Exeter alumnus Richard Major (1989, Theology) has published an illustrated novel, Parricide. The book is the second volume of the Misdemeanours of Dr Felix Culpepper series, the first, Quintember, having been met with critical acclaim when it was published in 2016 and shortlisted for the 2017 People’s Book Prize.
Parricide once again follows the exploits of Dr Felix Culpepper, tutor in Classics at St Wygfortis’ College, Cambridge, and assassin-at-large for the British Establishment. In this new, wintry installment of his doings, we hear about bull-fighting, the Manchester Blitz, Dominican friars, ossifrages, the Princes in the Tower (the appalling truth can be told at last), about high table, mother-, father-, sister- and nephew-slaying – illustrated with Victorian photographs, a linocut by the Countess of Verulam and a bosky map by Alack Newman.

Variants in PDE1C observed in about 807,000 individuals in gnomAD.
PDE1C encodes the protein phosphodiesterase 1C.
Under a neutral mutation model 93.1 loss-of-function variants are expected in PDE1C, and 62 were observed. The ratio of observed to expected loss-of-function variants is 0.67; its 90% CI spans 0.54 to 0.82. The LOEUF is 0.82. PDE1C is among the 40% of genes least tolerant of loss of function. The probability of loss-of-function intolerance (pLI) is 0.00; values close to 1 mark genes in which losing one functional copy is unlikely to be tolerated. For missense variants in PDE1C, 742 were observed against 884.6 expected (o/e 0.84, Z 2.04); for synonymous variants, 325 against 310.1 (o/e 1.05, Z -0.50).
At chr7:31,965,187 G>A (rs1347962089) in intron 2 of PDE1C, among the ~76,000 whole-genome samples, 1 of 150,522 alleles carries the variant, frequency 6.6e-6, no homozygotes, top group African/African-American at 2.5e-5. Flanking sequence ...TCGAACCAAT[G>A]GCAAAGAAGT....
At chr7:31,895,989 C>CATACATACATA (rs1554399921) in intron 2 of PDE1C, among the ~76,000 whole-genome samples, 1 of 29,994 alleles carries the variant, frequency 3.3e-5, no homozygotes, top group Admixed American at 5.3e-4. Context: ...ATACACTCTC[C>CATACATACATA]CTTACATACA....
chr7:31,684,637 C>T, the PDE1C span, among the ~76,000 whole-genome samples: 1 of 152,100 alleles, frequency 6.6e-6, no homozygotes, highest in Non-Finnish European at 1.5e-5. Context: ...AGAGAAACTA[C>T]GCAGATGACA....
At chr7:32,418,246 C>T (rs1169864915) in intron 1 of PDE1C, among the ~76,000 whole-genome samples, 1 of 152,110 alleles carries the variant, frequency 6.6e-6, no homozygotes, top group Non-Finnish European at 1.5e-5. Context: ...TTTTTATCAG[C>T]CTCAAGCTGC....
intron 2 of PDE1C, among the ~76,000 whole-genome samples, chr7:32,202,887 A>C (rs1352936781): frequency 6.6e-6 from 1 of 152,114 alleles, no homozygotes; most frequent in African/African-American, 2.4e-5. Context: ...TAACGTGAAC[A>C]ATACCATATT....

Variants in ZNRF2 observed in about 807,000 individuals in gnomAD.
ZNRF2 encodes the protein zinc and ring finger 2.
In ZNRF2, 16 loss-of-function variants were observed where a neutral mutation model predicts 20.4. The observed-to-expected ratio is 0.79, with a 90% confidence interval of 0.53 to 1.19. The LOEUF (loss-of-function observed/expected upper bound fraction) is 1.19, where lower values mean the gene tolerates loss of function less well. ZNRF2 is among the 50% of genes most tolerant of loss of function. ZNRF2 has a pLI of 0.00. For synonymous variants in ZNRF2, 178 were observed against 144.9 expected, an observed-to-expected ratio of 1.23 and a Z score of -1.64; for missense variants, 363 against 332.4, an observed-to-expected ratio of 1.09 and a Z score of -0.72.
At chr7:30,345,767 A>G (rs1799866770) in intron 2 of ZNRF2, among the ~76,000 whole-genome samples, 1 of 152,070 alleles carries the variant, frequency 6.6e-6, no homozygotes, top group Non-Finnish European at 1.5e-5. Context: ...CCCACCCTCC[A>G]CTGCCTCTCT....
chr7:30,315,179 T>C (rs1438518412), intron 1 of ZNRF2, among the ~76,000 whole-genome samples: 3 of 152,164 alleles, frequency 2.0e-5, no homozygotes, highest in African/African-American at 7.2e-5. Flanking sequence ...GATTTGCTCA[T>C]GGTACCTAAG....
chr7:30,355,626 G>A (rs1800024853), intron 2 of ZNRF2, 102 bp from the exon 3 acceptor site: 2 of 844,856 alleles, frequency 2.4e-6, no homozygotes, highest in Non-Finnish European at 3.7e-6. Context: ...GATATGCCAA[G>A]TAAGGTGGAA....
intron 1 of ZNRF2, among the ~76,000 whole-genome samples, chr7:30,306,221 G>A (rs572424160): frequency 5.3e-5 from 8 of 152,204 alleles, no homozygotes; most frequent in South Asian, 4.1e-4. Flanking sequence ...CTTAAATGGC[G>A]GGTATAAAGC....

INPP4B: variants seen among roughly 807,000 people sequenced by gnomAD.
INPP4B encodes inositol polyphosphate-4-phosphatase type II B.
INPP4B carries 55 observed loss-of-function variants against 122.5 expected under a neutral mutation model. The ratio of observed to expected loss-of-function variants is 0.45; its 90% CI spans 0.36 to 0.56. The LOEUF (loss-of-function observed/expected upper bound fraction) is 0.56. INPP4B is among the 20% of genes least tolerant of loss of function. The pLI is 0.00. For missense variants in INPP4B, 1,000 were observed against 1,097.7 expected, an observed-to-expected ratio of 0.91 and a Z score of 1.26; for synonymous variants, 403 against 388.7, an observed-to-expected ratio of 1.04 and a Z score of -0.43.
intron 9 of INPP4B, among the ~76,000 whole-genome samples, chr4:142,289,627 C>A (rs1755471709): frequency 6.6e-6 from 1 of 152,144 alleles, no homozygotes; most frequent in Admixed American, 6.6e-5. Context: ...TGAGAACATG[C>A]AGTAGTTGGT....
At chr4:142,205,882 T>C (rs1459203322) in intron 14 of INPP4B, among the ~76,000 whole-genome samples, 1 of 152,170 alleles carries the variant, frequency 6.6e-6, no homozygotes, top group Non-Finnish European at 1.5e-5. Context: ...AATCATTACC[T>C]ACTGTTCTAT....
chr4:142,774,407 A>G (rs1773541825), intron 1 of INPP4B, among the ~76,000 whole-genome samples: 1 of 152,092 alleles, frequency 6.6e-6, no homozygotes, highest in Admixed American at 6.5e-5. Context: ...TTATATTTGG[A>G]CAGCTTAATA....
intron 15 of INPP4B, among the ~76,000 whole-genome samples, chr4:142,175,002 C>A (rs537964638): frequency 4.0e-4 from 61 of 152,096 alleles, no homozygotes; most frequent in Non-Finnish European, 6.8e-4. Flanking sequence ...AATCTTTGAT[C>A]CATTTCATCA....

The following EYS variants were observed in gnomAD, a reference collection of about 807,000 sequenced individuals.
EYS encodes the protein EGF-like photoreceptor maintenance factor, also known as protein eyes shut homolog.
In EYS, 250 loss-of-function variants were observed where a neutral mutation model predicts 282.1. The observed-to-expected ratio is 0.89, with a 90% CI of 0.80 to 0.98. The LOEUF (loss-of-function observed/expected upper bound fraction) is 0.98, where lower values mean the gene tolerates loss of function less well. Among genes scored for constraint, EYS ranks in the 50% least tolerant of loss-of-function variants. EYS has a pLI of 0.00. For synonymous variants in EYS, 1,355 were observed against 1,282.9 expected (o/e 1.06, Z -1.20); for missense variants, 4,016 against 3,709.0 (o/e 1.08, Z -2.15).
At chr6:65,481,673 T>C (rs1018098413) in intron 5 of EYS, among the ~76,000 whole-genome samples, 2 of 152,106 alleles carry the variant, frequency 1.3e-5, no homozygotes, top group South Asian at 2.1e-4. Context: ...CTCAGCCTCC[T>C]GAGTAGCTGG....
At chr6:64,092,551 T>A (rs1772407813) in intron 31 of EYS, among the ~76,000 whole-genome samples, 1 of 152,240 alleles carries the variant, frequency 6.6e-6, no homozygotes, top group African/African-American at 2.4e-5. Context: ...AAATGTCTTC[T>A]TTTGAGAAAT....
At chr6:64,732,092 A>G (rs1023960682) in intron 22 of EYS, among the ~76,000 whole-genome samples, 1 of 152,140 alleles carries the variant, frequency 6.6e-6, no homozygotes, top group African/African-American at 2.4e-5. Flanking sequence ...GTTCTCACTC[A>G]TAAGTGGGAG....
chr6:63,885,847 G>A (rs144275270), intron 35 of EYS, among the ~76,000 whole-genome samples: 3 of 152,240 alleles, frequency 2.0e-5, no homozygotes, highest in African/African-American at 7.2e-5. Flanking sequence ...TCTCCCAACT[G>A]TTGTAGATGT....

Richard Major’s “elegant, witty Gothic fairy-tales for adults” are unlike anything else. Parricide is a well-ordered but dazzling labyrinth of tales, all centred on the reprobate killer-intellectual Culpepper. While it is more than a historical novel, it has a commanding sweep in time (the present, the Spanish Civil War, the Middle Age, the Victorians) and place (Oxford, African jungle, the Scottish isles). Parricide is a more ambitious piece of work than its predecessor, Quintember. It reveals the underlying moral seriousness of an author who has been called “the wildest comic novelist working in English today”.
You can find out more about Parricide and order a copy here.